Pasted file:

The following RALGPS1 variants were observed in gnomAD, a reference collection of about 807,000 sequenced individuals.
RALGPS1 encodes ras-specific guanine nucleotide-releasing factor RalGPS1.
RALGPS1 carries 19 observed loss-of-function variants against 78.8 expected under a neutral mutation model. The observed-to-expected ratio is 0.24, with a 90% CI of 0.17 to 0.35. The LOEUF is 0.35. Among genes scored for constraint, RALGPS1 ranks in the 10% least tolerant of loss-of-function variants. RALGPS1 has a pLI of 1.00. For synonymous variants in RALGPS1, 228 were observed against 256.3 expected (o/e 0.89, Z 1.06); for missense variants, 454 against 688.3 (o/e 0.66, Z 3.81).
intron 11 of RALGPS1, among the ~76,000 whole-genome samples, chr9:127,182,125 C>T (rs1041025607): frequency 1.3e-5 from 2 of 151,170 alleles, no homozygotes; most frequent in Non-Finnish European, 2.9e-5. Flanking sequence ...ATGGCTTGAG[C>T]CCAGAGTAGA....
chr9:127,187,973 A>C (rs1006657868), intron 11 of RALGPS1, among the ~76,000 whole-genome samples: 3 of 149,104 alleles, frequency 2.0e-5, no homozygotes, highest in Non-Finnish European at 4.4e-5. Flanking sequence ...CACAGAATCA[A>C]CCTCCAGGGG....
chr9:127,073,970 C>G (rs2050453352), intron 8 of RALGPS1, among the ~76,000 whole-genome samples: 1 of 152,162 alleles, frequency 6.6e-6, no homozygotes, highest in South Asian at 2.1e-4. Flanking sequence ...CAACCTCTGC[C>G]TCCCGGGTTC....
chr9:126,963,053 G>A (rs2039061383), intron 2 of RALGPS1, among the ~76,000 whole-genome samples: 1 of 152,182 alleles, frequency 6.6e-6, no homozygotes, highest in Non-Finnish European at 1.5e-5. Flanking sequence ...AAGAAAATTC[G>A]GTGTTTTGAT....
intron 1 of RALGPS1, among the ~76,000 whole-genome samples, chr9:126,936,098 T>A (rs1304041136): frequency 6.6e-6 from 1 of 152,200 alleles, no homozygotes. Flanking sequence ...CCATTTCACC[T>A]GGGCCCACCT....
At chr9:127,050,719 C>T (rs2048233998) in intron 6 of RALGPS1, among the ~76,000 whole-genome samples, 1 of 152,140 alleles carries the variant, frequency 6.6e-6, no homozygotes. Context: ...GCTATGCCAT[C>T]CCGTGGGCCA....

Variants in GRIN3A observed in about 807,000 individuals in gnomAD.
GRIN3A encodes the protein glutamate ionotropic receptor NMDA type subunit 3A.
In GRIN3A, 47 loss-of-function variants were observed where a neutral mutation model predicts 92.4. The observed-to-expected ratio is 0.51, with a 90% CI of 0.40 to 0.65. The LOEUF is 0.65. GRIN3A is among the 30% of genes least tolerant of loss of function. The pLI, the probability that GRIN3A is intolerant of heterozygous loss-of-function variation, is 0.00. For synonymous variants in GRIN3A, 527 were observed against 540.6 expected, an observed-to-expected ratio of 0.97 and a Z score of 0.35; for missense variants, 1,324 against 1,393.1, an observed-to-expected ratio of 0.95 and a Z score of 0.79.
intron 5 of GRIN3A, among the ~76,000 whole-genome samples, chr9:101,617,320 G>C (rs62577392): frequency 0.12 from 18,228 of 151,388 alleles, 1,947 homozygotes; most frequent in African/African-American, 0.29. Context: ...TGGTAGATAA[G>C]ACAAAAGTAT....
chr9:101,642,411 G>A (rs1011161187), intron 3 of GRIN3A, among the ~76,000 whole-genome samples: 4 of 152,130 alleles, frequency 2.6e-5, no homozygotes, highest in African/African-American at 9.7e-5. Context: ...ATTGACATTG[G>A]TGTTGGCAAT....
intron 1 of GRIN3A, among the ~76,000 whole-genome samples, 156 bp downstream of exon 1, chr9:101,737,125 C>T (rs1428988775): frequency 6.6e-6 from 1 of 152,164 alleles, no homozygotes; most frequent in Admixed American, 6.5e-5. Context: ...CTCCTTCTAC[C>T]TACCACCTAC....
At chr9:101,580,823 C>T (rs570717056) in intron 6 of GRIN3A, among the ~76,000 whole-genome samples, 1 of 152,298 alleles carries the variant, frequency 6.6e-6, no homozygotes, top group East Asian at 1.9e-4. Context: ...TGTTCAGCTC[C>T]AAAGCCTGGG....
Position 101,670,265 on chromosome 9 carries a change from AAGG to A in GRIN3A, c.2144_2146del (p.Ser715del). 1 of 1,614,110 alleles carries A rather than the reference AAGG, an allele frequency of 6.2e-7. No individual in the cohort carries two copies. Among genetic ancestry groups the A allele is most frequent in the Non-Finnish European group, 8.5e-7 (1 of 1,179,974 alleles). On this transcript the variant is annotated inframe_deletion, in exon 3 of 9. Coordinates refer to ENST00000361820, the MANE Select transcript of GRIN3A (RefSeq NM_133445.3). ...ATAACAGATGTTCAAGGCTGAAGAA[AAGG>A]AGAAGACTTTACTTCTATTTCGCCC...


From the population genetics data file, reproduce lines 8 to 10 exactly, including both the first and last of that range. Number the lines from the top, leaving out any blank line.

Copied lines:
intron 1 of RALGPS1, among the ~76,000 whole-genome samples, chr9:126,936,098 T>A (rs1304041136): frequency 6.6e-6 from 1 of 152,200 alleles, no homozygotes. Flanking sequence ...CCATTTCACC[T>A]GGGCCCACCT....
At chr9:127,050,719 C>T (rs2048233998) in intron 6 of RALGPS1, among the ~76,000 whole-genome samples, 1 of 152,140 alleles carries the variant, frequency 6.6e-6, no homozygotes. Context: ...GCTATGCCAT[C>T]CCGTGGGCCA....

Variants in GRIN3A observed in about 807,000 individuals in gnomAD.